Since I was now left with 12 rind-less lemons, I decided to use the fruit to stuff a whole chicken that I planned to roast. The roasted chicken had only a mild hint of lemon, but the acidity from the juice helped to tenderize the chicken and make it moist. However, the same lemon added to the fresh stock, made with the giblets, was one of the tastiest I’ve had. The tartness of the lemon offset the fat, making the stock light and aromatic. The lemon brightened up a winter dish, and we used the moist meat the next day for a light summer salad.

That feeling of lightness carried through to the delicate lemon snow pudding. I was inspired by the clever use of separating both the eggs (yolk and white) and lemons (juice and zest), and how both separate parts came together harmoniously in the final dish. The egg white meringue and the lemon juice formed an airy base, while the yolk and lemon rind in the custard rounded off the silky flavors in this lemon meringue-like pudding.

Roast Chicken with Lemon

Whole chicken – 1, (4 lb)

Lemon – 1

Fresh herbs (oregano, sage) – 1-2 sprigs

Butter – 1 tbsp

Salt and pepper – 1 tbsp. each

Oven temperature 375°F

  • Remove the chicken giblets (in a plastic bag) from the cavity of the chicken and wash the chicken well.
  • Pat the chicken dry with paper towels.
  • Slice the lemon into half and squeeze out the juice. Reserve.
  • Mix the butter, herbs, salt, and pepper together. Spread the mixture over the chicken.
  • Put the squeezed lemon half into the cavity of the chicken.
  • Bake for 80 minutes, (20 minutes per pound) in total, with the final 20 minutes at 425°F for a golden skin. Check with a meat thermometer to see it has reached an internal temperature of 170°F.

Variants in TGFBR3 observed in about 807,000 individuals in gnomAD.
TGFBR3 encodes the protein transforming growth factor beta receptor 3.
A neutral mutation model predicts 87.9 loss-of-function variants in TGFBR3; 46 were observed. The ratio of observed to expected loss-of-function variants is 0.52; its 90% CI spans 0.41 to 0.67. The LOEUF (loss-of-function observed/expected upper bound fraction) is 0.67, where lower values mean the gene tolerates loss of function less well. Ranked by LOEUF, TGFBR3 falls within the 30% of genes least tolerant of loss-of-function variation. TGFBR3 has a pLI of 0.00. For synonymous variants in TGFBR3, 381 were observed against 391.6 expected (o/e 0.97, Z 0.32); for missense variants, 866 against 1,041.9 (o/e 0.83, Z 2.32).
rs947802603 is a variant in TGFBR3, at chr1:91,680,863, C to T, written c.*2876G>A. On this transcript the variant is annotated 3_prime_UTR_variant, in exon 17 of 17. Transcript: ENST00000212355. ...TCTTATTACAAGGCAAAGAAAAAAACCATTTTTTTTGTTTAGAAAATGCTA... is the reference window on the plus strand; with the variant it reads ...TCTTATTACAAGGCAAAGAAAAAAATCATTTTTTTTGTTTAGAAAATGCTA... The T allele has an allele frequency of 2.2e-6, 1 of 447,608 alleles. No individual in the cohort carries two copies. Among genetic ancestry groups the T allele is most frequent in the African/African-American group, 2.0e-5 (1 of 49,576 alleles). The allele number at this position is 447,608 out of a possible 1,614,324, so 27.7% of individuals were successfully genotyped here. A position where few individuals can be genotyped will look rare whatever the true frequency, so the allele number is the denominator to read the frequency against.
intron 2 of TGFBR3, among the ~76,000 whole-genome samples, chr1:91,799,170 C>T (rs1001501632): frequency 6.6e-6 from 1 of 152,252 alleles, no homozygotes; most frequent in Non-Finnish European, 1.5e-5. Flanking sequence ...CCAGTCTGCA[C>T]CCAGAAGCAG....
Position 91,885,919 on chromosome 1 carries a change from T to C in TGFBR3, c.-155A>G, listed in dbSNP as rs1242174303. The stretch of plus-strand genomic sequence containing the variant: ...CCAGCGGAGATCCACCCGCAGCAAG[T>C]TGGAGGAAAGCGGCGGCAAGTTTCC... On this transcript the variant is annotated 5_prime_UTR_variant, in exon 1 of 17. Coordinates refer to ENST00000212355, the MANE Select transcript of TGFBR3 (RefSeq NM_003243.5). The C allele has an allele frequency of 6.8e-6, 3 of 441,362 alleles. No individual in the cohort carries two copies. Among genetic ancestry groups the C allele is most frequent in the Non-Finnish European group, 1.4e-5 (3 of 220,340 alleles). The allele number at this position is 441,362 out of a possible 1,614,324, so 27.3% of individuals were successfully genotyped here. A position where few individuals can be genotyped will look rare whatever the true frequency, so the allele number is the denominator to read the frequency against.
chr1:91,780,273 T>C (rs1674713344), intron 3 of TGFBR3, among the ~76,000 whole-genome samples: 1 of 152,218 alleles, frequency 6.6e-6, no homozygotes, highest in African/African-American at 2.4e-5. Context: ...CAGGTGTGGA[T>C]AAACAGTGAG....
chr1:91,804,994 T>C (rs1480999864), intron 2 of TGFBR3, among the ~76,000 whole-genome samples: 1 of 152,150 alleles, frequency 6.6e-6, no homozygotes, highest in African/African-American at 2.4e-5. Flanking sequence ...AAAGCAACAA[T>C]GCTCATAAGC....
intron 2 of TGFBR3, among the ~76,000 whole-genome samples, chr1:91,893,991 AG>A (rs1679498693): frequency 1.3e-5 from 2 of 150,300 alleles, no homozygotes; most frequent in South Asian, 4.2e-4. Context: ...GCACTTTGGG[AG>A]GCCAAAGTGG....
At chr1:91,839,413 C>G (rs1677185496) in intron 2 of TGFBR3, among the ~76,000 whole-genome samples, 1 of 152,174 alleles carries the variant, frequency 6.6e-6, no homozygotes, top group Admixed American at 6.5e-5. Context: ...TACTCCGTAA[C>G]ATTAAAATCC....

Lemon Snow Pudding with Custard

Egg white – 1

Sugar – 1 tbsp

Lime – ½

Gelatin (unflavored) – 1 tsp

Lemon yellow food color – optional

  • Fill a large pan with water.
  • Mix the lime, sugar, and gelatin with one tablespoon of water in a saucepan that will fit in the large pan. Place it in the large pan.
  • Bring the water to a rolling boil, while continuously stirring the mixture in the smaller pan.
  • Once all the sugar and gelatin have dissolved, remove from heat. Cool.
  • Whisk the egg white in a bowl, either with a fork or an electric whisk. Continue until it becomes firm. Tip: when you tilt the bowl, the egg white should not slip out.
  • Add the cooled lemon mixture, whisking it carefully, into the egg white mixture.
  • Add a drop of the yellow coloring.
  • Refrigerate until ready to be served with custard.

For the Custard

Egg yolk – 1

Milk – 1 cup, warmed

Sugar – 1 tbsp.

  • Boil water in a larger pan.
  • Whisk the egg yolk in another pan.
  • Add sugar and warmed milk to the yolk. Mix.
  • Place the egg mixture pan in the larger pan. Stir continuously. This method, where the heat is not in direct contact with the ingredients, is called double boiling and prevents the egg mixture from curdling. In about 5-6 minutes, the mixture thickens. Tip: dip a metal spoon into the mixture. Run a finger on the back of the spoon.  If it leaves a mark, then the custard is ready.
  • Cool the custard.
  • Scrape zests into the custard.






Do I Need A Wok? What Can I Make With Chicken?

My friend remarked that I tend to favor the wok for most of my cooking (at least in this blog!), and wanted to know if there is any advantage to using a wok over something like a round-bottomed sauté pan.